FROGS VIEWED AS GOOD LUCK: In many cul­tures, frogs are a sym­bol of good luck and abun­dance, part­ly due to the very large num­ber of eggs it lays at one time. In Rome, the frog was a mas­cot believed to bring good luck to the home. In Ire­land, the frog is con­sid­ered a rel­a­tive of the lep­rechaun and capa­ble of play­ing tricks on you when least expect­ed. In Aus­tralia, the Abo­rig­ines believed that frogs brought the thun­der and rain, to help the plants grow. It’s easy to under­stand that idea as in actu­al­i­ty, frogs usu­al­ly bury beneath the earth and come out in large num­bers when it rains to quick­ly lay their eggs.

In that same vein, the Celts believed the frog rep­re­sent­ed cura­tive or heal­ing pow­ers because of its con­nec­tion with water and cleans­ing rains.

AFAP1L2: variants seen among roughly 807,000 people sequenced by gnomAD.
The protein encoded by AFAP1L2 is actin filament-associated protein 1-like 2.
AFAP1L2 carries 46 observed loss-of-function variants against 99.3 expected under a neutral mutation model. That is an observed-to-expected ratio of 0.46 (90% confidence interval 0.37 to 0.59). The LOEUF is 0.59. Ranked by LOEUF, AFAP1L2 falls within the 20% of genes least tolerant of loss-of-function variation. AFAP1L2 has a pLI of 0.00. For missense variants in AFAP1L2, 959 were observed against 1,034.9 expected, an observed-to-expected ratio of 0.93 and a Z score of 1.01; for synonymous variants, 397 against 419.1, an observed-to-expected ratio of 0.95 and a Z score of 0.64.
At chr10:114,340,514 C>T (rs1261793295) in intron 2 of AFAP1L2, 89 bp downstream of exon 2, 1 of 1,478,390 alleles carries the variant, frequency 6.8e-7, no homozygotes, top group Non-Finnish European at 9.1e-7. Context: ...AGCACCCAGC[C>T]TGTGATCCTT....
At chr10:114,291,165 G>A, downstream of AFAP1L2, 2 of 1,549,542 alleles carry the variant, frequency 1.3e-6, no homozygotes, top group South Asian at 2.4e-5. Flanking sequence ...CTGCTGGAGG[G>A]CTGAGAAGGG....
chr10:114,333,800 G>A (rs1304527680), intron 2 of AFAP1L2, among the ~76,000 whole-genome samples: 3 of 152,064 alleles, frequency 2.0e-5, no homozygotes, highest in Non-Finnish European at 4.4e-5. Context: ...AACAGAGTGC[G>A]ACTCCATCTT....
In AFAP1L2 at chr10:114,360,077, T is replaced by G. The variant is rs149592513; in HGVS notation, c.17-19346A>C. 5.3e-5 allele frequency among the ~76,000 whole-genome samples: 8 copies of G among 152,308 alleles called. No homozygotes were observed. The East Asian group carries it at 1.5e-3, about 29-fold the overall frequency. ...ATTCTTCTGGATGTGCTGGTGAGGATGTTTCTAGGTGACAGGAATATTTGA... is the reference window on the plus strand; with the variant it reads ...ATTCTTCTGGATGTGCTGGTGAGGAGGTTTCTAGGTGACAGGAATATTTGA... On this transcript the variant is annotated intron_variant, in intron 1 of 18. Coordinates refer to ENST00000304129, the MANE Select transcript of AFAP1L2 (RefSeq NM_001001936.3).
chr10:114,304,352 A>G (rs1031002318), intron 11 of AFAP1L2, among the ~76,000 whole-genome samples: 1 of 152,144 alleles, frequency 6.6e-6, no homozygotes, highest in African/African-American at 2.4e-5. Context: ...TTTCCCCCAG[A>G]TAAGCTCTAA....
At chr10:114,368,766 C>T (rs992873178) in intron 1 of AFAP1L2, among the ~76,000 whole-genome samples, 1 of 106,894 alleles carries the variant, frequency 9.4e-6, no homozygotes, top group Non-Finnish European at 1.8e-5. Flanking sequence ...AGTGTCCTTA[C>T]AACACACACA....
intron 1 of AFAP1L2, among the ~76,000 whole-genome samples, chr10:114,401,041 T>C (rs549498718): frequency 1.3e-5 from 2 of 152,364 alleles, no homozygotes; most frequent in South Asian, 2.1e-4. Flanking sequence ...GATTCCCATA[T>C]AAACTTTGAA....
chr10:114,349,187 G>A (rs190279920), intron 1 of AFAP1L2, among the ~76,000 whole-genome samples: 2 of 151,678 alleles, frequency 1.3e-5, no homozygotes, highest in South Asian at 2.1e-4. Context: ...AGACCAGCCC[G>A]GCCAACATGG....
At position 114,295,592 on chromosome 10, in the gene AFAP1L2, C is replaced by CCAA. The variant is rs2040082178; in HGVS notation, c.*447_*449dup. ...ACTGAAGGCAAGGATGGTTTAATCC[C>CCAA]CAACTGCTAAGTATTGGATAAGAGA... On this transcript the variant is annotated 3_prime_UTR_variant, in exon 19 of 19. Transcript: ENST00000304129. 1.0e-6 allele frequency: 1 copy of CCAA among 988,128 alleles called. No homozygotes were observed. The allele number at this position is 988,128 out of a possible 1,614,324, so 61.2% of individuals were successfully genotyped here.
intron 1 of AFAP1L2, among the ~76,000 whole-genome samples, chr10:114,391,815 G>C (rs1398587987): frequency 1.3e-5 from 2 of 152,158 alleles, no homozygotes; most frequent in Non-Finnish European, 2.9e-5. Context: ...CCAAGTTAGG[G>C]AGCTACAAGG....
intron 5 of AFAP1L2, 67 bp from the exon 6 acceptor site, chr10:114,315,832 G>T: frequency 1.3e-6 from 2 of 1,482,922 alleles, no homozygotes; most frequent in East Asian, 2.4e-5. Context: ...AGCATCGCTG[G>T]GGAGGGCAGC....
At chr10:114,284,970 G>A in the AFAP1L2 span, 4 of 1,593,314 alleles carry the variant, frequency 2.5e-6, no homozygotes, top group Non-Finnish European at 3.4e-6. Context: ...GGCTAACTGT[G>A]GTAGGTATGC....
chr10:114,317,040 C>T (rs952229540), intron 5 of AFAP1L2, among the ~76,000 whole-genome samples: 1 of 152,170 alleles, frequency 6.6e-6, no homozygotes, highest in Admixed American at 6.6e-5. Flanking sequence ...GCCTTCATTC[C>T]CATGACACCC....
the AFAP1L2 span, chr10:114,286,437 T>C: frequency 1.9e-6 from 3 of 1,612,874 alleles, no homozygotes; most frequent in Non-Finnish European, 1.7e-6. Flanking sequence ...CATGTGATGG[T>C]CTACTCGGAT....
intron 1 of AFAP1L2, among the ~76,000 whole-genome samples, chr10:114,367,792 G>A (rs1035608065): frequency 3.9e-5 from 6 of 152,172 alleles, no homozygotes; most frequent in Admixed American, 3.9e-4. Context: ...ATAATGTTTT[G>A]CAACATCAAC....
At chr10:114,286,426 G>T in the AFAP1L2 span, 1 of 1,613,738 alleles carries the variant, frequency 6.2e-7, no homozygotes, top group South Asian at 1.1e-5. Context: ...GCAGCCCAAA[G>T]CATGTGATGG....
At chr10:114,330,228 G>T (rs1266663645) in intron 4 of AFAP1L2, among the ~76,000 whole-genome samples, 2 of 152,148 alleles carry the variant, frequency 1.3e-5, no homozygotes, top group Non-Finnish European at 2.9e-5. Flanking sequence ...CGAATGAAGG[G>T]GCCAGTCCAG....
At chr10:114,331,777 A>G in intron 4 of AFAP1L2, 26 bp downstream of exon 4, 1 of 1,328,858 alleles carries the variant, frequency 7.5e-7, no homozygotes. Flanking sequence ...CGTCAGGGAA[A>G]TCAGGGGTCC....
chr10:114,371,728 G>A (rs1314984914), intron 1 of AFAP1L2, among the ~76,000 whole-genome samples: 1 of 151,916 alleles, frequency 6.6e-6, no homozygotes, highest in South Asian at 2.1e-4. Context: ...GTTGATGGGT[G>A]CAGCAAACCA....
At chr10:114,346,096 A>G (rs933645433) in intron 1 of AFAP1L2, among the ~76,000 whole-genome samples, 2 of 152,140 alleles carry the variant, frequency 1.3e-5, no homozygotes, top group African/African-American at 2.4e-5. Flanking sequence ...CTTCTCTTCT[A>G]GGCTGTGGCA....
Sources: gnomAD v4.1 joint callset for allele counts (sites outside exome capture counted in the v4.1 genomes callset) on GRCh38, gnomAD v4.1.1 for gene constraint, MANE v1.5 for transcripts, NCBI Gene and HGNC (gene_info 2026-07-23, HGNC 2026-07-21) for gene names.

The three-legged toad from Chi­na is the tra­di­tion­al pet of the immor­tal Liu Hai, who is the Chi­nese god of wealth. In Japan, sea-far­ers wore frog amulets when trav­el­ing across the riv­er for a safe return. The word for frog in Japan­ese is ‘kaeru’ mean­ing ‘return’.
< ARTWORK BY NANCY SMITH. Is present­ly in the show INTANGIBLES. Avail­able for pur­chase here: NANCY SMITH’S frogs.
Last Modified on June 25, 2021
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